Many of the homes in the Panama Country Club area of Lynn Haven still show evidence of the catastrophic damage caused by Michael.
William Widmer for NPR

It takes a bit more time, but doesn't cost that much more. Rettig says, "The difference is maybe $1,000. You know, it's twice as many nails, a little bit of an upgrade in wood and go bolts that are incrementally not that much of a difference." Using steel on the roof instead of shingles, he says, can add an additional $2,000-3,000 to the cost of a home.

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SCOTT SIMON, HOST:

Today is the first day of the Atlantic hurricane season. Many communities in Florida's Panhandle still struggle to recover from Hurricane Michael. Michael was a Category 5 hurricane with 160-mile-per-hour winds. It shredded thousands of houses in Panama City and surrounding communities. It's an area that's long had some of Florida's weakest building codes. From Panama City, NPR's Greg Allen reports.

GREG ALLEN, BYLINE: Everyone who was in Panama City when Michael hit has a story to tell, including Christina Harding.

CHRISTINA HARDING: Then we had to tie the door shut because Michael was trying to come in the house with us, which was not what we wanted. And then it was just bam, bam, bam, bam, bam, bam, bam.

ALLEN: After the storm, she stepped outside. She says it looked like a bomb had gone off.

HARDING: This guy right here across the road on the side street here - his house was just completely caved in on the backside. We saw these trailers coming apart across the road.

ALLEN: Harding lost some fencing and a window from flying debris, but otherwise, her house was largely OK. She expected it would be. She helped build it with Habitat for Humanity and knew how strong it was. Many others weren't as fortunate.

MARGO ANDERSON: We had 254 houses wiped off the earth in our city.

ALLEN: Margo Anderson is the mayor of Lynn Haven, a small community next door to Panama City. She says some of the old homes dating back to the city's founding came through the hurricane OK, but that wasn't the case with more recent construction.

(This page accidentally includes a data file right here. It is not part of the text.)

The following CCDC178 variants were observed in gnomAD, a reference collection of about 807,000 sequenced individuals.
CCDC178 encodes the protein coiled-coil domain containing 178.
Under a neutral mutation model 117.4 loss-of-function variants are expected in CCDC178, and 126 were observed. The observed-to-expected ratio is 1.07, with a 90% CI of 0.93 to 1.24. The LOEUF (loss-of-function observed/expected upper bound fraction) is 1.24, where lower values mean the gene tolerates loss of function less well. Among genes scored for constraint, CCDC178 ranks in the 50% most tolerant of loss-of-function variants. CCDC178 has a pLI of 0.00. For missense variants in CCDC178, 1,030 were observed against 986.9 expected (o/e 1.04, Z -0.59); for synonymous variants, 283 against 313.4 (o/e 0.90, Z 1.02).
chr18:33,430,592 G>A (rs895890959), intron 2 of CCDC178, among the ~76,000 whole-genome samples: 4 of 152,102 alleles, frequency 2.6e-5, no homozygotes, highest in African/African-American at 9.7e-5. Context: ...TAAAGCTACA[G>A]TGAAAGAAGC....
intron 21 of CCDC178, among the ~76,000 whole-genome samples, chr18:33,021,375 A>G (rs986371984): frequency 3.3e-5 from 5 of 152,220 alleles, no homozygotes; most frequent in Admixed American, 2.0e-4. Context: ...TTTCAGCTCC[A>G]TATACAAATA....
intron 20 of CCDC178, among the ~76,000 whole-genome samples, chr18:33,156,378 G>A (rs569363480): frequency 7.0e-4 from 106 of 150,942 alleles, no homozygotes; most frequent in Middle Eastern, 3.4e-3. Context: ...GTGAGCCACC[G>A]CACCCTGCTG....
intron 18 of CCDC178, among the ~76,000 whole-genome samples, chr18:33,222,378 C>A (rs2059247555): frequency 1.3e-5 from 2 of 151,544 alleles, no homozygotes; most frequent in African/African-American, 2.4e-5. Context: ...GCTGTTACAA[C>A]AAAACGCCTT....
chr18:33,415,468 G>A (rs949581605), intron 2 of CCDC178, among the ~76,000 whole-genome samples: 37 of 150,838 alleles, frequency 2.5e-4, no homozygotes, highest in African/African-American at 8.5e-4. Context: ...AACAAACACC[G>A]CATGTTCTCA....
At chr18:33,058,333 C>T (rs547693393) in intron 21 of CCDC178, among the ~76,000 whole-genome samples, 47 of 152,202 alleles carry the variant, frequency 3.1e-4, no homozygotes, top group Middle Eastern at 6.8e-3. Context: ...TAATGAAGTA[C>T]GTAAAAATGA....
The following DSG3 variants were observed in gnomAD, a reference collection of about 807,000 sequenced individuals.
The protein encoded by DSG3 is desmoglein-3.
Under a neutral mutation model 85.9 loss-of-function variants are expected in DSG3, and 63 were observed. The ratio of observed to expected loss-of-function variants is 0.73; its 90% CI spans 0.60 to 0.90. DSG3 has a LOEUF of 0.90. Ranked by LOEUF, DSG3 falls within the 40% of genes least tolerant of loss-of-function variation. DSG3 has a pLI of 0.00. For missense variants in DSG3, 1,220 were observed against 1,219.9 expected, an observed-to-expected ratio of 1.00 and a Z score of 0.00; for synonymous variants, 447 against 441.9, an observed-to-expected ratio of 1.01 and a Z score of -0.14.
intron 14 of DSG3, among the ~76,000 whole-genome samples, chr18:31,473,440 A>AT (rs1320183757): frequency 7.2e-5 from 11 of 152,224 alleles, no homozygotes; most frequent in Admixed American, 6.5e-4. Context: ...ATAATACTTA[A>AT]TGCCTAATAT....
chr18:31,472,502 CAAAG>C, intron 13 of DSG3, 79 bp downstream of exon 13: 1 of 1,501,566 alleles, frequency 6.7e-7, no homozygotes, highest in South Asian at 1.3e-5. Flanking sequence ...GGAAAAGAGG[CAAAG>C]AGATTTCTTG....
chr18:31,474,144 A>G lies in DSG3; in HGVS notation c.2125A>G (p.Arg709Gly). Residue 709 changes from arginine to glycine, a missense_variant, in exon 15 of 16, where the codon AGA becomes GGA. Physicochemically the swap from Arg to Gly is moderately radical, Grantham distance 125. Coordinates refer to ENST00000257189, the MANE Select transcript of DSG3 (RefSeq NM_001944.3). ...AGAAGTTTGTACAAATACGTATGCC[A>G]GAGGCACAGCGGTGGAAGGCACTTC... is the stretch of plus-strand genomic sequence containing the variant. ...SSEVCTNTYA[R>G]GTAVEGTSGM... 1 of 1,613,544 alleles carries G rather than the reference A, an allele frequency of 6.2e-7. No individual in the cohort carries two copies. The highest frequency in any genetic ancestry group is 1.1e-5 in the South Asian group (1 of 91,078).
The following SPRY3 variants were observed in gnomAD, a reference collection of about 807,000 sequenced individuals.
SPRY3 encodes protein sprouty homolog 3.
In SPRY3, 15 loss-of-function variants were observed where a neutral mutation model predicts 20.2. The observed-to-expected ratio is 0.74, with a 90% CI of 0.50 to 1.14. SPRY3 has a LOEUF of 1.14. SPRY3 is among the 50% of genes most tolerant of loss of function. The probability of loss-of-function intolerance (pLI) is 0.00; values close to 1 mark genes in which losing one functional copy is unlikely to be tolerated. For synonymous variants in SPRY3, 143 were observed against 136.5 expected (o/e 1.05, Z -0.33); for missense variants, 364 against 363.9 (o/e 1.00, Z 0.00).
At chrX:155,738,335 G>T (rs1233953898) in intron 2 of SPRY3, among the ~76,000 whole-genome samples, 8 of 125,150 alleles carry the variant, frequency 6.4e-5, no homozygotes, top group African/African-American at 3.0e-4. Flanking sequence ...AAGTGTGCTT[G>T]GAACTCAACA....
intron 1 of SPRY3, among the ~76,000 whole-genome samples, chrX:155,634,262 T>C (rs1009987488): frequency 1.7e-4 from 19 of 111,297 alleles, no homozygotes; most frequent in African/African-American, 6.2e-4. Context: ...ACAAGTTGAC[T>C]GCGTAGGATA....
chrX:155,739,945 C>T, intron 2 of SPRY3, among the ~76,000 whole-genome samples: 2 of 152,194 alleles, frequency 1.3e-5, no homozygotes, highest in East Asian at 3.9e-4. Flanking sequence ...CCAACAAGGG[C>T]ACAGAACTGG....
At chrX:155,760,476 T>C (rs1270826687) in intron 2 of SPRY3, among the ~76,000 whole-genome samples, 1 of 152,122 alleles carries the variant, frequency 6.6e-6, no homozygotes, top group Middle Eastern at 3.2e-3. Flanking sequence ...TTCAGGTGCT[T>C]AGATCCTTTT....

ANDERSON: Some of the houses - as we drive around and you look - that were built in the hurricane-preventative times with the trusses that were supposed to work and the windows that weren't supposed to come out - you will see they didn't do as well.

ALLEN: Nearly 20 years ago, after Hurricane Andrew, Florida adopted a statewide construction code. That code established minimum wind speeds buildings would have to withstand. But until 2008, much of the Panhandle, including Panama City, was granted an exception to the code. Leslie Chapman-Henderson, who heads the Federal Alliance for Safe Homes, says that code exception proved costly.

LESLIE CHAPMAN-HENDERSON: If we had not had that in place for seven years, the homes that were just hit by Michael last year would've been so much stronger. But they weren't because of shortsighted policy.

ALLEN: That policy changed eventually, but wind speed standards along the Panhandle are still lower than many other parts of the state. One reason for that is that the region had never experienced a major hurricane until Michael.

One builder on the Panhandle has always gone well beyond the minimum requirements of the construction code - Habitat for Humanity.

LANCE RETTIG: So these are two new homes that we're building.

ALLEN: Lance Rettig is the executive director of Habitat for Humanity in Bay County. He says the impetus for going beyond required construction codes comes from the group's insistence on building homes habitat strong.

Habitat's construction manager in Bay County is Ross Potts.

ROSS POTTS: Our houses did really well, in part due to our hip roofs. So there was nothing for the wind to grab and rip off. The steel on the roof that - also key.

ALLEN: And there are lots of other elements making these homes hurricane-resistant - thicker plywood; screws, not nails - one every six inches, fastening windows to the walls; more go-bolts, long, threaded rods that connect the roof beams to the home's foundation; and screws, not nails, on the roof. It takes a bit more time, Rettig says, but doesn't cost that much more.

RETTIG: The difference is maybe a thousand dollars. You know, it's twice as many nails, a little bit of an upgrade in wood and go-bolts that are incrementally not that much of a difference.

ALLEN: After the last Category 5 hurricane hit Florida nearly 30 years ago, the state revamped its building code. This time, Leslie Chapman-Henderson says, there's been little movement in that direction.

CHAPMAN-HENDERSON: After Hurricane Michael, one would expect that the policy direction would be toward adopting stronger codes. We have not seen that to be the case.

ALLEN: A bill introduced earlier this year in Florida's Legislature included a directive to strengthen the state's building code. It died in committee after two hearings. Greg Allen, NPR News, Panama City, Fla. Transcript provided by NPR, Copyright NPR.